... Diagnosis & Management These resources address the diagnosis or management of lattice corneal dystrophy type II: American Foundation for the Blind: Living with Vision Loss Genetic Testing Registry: Meretoja syndrome Merck Manual ...

  16. Sarcomeric dysfunction contributes to muscle weakness in facioscapulohumeral muscular dystrophy

    NARCIS (Netherlands)

    Lassche, S.; Stienen, G.J.; Irving, T.C.; Maarel, S.M. van der; Voermans, N.C.; Padberg, G.W.A.M.; Granzier, H.; Engelen, B.G. van; Ottenheijm, C.A.C.

    2013-01-01

    OBJECTIVE: To investigate whether sarcomeric dysfunction contributes to muscle weakness in facioscapulohumeral muscular dystrophy (FSHD). METHODS: Sarcomeric function was evaluated by contractile studies on demembranated single muscle fibers obtained from quadriceps muscle biopsies of 4 patients wit

  17. The importance of genetic diagnosis for Duchenne muscular dystrophy

    OpenAIRE

    Aartsma-Rus, Annemieke; Ginjaar, Ieke B; Bushby, Kate

    2016-01-01

    Duchenne muscular dystrophy (DMD) and Becker muscular dystrophy are caused by mutations in the dystrophin-encoding DMD gene. Large deletions and duplications are most common, but small mutations have been found as well. Having a correct diagnosis is important for family planning and providing proper care to patients according to published guidelines. With mutation-specific therapies under development for DMD, a correct diagnosis is now also important for assessing whether patients are eligibl...

  18. Annexin A6 modifies muscular dystrophy by mediating sarcolemmal repair

    OpenAIRE

    Swaggart, KA; Demonbreun, AR; Vo, AH; Swanson, KE; Kim, EY; Fahrenbach, JP; Holley-Cuthrell, J; Eskin, A; Z. Chen; Squire, K; Heydemann, A; Palmer, AA; Nelson, SF; McNally, EM

    2014-01-01

    Many monogenic disorders, including the muscular dystrophies, display phenotypic variability despite the same disease-causing mutation. To identify genetic modifiers of muscular dystrophy and its associated cardiomyopathy, we used quantitative trait locus mapping and whole genome sequencing in a mouse model. This approach uncovered a modifier locus on chromosome 11 associated with sarcolemmal membrane damage and heart mass. Whole genome and RNA sequencing identified Anxa6, encoding annexin A6...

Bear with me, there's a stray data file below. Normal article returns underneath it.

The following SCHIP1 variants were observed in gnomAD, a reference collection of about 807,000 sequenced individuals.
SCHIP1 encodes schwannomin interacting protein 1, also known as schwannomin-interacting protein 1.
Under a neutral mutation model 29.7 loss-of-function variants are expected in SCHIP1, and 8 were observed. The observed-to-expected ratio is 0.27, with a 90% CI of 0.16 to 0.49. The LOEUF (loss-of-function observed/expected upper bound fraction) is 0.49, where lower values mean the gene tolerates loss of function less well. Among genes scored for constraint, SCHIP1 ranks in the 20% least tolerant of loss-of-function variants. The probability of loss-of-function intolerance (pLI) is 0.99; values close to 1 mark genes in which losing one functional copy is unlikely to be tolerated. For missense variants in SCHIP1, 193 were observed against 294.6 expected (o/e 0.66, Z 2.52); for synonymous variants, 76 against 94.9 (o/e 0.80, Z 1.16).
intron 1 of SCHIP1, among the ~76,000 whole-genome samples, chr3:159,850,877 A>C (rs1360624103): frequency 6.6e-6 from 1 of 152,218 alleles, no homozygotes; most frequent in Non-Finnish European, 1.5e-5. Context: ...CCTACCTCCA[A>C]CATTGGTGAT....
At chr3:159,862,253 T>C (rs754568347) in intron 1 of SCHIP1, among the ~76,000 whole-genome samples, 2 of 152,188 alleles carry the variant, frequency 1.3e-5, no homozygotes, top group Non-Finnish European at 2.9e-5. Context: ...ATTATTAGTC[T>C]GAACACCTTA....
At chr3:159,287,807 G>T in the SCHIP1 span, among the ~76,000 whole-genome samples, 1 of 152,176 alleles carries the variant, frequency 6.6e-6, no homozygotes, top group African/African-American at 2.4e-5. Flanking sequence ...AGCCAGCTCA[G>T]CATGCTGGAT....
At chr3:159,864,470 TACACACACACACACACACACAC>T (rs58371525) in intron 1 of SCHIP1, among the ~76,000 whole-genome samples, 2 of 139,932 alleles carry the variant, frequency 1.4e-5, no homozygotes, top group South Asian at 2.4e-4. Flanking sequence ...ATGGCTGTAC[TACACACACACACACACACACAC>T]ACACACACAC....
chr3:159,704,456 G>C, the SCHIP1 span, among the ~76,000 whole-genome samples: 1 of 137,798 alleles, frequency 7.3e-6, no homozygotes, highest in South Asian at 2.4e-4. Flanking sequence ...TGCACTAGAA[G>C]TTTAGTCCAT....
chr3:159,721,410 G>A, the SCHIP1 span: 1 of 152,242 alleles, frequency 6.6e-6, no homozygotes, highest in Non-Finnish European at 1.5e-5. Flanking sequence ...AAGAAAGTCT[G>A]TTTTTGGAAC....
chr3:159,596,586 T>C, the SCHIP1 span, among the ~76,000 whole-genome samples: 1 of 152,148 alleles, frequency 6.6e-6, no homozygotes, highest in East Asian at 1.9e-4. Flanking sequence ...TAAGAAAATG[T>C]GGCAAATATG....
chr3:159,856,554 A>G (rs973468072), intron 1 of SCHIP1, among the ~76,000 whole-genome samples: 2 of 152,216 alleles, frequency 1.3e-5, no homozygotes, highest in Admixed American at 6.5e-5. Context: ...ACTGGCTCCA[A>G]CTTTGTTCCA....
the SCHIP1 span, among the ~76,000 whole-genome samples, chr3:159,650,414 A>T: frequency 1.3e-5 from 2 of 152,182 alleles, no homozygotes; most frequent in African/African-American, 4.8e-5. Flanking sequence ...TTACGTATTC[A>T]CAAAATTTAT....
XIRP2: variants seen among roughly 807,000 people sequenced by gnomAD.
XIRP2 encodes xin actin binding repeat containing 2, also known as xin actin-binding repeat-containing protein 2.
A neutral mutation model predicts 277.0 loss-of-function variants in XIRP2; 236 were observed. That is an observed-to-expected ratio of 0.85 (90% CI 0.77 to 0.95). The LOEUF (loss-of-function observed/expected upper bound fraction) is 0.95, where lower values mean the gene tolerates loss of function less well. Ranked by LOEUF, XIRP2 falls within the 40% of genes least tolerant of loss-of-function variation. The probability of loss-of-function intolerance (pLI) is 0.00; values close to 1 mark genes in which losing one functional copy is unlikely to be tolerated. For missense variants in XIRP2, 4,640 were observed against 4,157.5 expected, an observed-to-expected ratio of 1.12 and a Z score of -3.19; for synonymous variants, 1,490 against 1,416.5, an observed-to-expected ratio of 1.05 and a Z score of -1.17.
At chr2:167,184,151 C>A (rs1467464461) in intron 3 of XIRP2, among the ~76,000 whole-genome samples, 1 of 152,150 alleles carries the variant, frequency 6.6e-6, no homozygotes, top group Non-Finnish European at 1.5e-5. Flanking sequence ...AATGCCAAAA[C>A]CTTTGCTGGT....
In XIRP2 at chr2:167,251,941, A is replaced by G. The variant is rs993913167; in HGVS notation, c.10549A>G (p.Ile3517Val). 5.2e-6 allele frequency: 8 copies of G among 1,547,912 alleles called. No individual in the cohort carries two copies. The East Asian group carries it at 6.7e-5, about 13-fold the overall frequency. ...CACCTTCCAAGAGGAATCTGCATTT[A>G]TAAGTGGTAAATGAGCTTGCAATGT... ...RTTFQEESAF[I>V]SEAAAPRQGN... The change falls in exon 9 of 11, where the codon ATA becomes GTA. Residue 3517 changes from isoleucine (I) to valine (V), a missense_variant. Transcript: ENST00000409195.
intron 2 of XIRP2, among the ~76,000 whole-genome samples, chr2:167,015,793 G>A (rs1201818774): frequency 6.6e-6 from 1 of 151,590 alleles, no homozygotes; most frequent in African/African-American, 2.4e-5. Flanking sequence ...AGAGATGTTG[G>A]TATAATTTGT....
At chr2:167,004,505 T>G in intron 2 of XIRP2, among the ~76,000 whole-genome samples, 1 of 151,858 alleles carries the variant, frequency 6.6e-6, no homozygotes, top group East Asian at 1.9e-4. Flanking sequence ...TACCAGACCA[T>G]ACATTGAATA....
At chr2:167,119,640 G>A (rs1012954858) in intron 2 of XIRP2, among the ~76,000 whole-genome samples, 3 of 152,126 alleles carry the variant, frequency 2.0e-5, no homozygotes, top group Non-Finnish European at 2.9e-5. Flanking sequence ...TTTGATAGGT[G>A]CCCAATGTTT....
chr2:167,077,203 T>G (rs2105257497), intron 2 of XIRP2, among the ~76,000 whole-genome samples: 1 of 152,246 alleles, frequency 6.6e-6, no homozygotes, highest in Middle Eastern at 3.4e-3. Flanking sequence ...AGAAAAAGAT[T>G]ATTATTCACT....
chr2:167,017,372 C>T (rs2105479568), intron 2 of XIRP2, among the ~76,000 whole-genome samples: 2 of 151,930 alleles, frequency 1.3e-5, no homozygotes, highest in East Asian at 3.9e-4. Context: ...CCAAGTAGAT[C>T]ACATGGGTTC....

19. Dasatinib as a treatment for Duchenne muscular dystrophy

    OpenAIRE

    Lipscomb, Leanne; Piggott, Robert W.; Emmerson, Tracy; Winder, Steve J.

    2015-01-01

    Identification of a systemically acting and universal small molecule therapy for Duchenne muscular dystrophy would be an enormous advance for this condition. Based on evidence gained from studies on mouse genetic models, we have identified tyrosine phosphorylation and degradation of β-dystroglycan as a key event in the aetiology of Duchenne muscular dystrophy. Thus, preventing tyrosine phosphorylation and degradation of β-dystroglycan presents itself as a potential therapeutic strategy. Using...

  20. Genetic Engineering of Dystroglycan in Animal Models of Muscular Dystrophy

    OpenAIRE

    Francesca Sciandra; Maria Giulia Bigotti; Bruno Giardina; Manuela Bozzi; Andrea Brancaccio

    2015-01-01

    In skeletal muscle, dystroglycan (DG) is the central component of the dystrophin-glycoprotein complex (DGC), a multimeric protein complex that ensures a strong mechanical link between the extracellular matrix and the cytoskeleton. Several muscular dystrophies arise from mutations hitting most of the components of the DGC. Mutations within the DG gene (DAG1) have been recently associated with two forms of muscular dystrophy, one displaying a milder and one a more severe phenotype. This review ...

  1. The fibrinolitys system in muscle regeneration and dystrophy

    OpenAIRE

    Vidal Iglesias, Berta

    2008-01-01

    Duchenne muscular dystrophy (DMD) is a fatal degenerative disorder of locomotor and respiratory muscles, in which myofibers are progressively replaced by non-muscular fibrotic tissue. Here, we show that fibrin/ogen accumulates in dystrophic muscles of DMD patients and of the mdx mouse model of DMD. Genetic loss or pharmacological depletion of fibrin/ogen in mdx mice attenuated muscular dystrophy progression and improved locomotor capacity. More importantly, fibrin/ogen depletion reduced fibro...